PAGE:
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All Quiet on the Western Front

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All Quiet on the Western Front, first American editionFirst American edition
Publication details ▽ Publication details △

First publication

Literature form

Literary, war novel

Writing language

Author's country

Approx. 67,000 words

Translations into English1929 by A. W. Wheen, 1993 by Brian Murdoch

Notable lines

This book is to be neither an accusation nor a confession, and least of all an adventure, for death is not an adventure to those who stand face to face with it. It will try simply to tell of a generation of men who, even though they may have escaped shells, were destroyed by the war.

— Epigraph

We are at rest five miles behind the front. Yesterday we were relieved, and now our bellies are full of beef and haricot beans. We are satisfied and at peace. Each man has another mess-tin full for the evening; and, what is more, there is a double ration of sausage and bread. That puts a man in fine trim. We have not had such luck as this for a long time.

— First lines

We march up, moody or good-tempered soldiers—we reach the zone where the front begins and become on the instant human animals.


"What has Kantorek written to you?" Müller asks him.

He laughs. "We are the Iron Youth."

We all three smile bitterly. Kropp rails: he is glad that he can speak.

Yes, that's the way they think, these hundred thousand Kantoreks! Iron Youth. Youth! We are none of us more than twenty years old. But young? Youth? That is long ago. We are old folk.


"When it comes to dying for your country, it's better not to die at all."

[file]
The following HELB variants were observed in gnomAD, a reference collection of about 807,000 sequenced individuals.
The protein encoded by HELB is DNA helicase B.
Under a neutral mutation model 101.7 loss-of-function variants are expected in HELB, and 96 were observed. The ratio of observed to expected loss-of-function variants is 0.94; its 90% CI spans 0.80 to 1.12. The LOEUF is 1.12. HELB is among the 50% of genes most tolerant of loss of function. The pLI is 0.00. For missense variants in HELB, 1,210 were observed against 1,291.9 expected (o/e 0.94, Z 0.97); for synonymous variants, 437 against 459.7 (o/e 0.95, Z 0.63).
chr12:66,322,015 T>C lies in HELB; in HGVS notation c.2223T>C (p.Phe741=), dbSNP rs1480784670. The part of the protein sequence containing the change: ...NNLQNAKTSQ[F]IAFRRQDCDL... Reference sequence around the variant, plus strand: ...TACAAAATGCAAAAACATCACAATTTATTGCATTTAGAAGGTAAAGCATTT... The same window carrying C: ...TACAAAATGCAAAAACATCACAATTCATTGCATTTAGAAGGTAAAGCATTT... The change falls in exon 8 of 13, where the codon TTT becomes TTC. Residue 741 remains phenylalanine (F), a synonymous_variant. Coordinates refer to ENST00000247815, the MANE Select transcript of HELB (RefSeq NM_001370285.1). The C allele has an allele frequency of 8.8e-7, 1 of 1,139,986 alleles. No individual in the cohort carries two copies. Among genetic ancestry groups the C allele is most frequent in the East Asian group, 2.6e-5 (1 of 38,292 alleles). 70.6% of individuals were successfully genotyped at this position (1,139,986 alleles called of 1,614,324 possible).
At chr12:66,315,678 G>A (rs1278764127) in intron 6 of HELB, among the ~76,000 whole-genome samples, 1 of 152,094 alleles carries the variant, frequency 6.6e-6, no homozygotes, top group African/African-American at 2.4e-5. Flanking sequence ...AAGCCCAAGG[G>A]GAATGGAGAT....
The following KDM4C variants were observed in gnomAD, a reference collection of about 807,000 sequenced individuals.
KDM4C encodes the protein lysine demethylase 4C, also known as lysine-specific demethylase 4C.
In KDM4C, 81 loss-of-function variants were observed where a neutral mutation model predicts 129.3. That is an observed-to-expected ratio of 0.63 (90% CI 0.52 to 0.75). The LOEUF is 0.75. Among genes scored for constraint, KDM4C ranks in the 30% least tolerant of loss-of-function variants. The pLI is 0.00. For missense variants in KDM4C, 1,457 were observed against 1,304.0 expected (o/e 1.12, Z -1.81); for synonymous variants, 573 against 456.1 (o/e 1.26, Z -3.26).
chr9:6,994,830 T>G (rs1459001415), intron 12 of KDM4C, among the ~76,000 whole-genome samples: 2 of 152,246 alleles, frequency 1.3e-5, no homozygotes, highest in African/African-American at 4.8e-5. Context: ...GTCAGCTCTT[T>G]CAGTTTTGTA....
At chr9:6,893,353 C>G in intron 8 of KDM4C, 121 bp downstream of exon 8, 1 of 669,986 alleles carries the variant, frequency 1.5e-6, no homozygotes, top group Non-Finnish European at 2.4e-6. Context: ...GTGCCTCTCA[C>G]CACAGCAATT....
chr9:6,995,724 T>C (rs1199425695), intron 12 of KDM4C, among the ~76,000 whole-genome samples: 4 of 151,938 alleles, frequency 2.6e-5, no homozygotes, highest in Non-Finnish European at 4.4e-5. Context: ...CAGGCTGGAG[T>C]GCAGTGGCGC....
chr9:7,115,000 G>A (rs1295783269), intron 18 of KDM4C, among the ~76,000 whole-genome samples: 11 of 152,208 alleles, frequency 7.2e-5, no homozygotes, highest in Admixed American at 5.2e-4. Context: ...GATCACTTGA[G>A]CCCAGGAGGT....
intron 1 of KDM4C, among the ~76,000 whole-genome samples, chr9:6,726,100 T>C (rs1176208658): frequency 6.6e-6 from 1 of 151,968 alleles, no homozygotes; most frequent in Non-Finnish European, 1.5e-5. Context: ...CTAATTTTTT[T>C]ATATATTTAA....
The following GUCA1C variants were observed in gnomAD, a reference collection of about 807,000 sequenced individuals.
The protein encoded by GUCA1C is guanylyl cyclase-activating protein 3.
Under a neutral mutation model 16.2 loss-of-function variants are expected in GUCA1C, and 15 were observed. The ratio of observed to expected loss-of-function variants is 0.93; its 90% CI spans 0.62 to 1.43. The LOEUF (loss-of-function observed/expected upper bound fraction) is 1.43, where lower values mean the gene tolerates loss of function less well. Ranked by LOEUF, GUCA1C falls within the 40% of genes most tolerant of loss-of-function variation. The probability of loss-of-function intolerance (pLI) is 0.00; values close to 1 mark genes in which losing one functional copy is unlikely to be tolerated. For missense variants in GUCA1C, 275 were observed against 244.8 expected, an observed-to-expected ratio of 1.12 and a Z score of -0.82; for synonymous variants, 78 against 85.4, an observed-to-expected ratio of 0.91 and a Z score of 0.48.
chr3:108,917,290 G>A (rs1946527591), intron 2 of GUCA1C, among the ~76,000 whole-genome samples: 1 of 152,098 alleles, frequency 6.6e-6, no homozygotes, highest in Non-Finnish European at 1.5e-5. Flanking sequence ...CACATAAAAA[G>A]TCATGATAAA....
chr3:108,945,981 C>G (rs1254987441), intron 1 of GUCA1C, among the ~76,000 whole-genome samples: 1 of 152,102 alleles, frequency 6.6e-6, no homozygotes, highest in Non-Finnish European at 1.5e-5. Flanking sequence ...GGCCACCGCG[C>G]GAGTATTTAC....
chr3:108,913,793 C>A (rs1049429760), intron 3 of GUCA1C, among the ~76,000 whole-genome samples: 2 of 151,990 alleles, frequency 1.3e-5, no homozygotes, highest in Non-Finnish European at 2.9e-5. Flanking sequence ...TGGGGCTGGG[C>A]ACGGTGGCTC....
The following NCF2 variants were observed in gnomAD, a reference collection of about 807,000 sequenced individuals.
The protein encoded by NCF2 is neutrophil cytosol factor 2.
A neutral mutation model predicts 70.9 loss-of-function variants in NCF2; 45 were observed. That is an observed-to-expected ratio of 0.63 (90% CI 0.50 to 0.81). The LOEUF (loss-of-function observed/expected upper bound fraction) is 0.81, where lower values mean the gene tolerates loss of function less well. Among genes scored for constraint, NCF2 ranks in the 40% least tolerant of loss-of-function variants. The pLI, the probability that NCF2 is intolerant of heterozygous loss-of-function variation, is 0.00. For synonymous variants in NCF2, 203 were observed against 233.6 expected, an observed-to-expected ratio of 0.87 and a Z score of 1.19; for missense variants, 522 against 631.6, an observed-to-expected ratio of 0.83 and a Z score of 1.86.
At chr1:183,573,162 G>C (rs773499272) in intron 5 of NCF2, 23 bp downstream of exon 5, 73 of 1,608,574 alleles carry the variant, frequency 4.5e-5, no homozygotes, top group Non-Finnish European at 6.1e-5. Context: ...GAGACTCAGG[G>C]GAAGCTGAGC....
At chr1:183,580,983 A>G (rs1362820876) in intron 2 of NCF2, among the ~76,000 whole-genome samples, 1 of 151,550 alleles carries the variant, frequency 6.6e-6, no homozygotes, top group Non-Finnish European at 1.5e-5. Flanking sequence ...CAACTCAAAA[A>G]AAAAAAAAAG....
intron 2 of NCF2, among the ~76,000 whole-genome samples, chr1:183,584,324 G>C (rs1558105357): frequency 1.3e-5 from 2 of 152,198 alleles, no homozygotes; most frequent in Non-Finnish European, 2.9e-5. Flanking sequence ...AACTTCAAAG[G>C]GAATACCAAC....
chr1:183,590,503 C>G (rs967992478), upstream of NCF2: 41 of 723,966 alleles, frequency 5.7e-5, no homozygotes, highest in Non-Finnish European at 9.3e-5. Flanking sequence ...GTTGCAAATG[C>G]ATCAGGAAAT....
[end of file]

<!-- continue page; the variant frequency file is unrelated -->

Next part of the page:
Why do they never tell us that you are poor devils like us, that your mothers are just as anxious as ours, and that we have the same fear of death, and the same dying and the same agony—Forgive me, comrade; how could you be my enemy?


A word of command has made these silent figures our enemies; a word of command might transform them into our friends. 


You may turn into an archangel, a fool, or a criminal—no one will see it. But when a button is missing—everyone sees that.


A hospital alone shows what war is. 


The room is dark. I hear my mother's breathing, and the ticking of the clock. Outside the window the wind blows and the chestnut trees rustle.

On the landing I stumble over my pack, which lies there already made up because I have to leave early in the morning.

I bite into my pillow. I grasp the iron rods of my bed with my fists. I ought never to have come here. Out there I was indifferent and often hopeless;—I will never be able to be so again. I was a soldier, and now I am nothing but an agony for myself, for my mother, for everything that is so comfortless and without end

I ought never to have come on leave. 


He fell in October 1918, on a day that was so quiet and still on the whole front, that the army report confined itself to the single sentence: All quiet on the Western Front. He had fallen forward and lay on the earth as though sleeping. Turning him over one saw that he could not have suffered long; his face had an expression of calm, as though almost glad the end had come.

— Last lines


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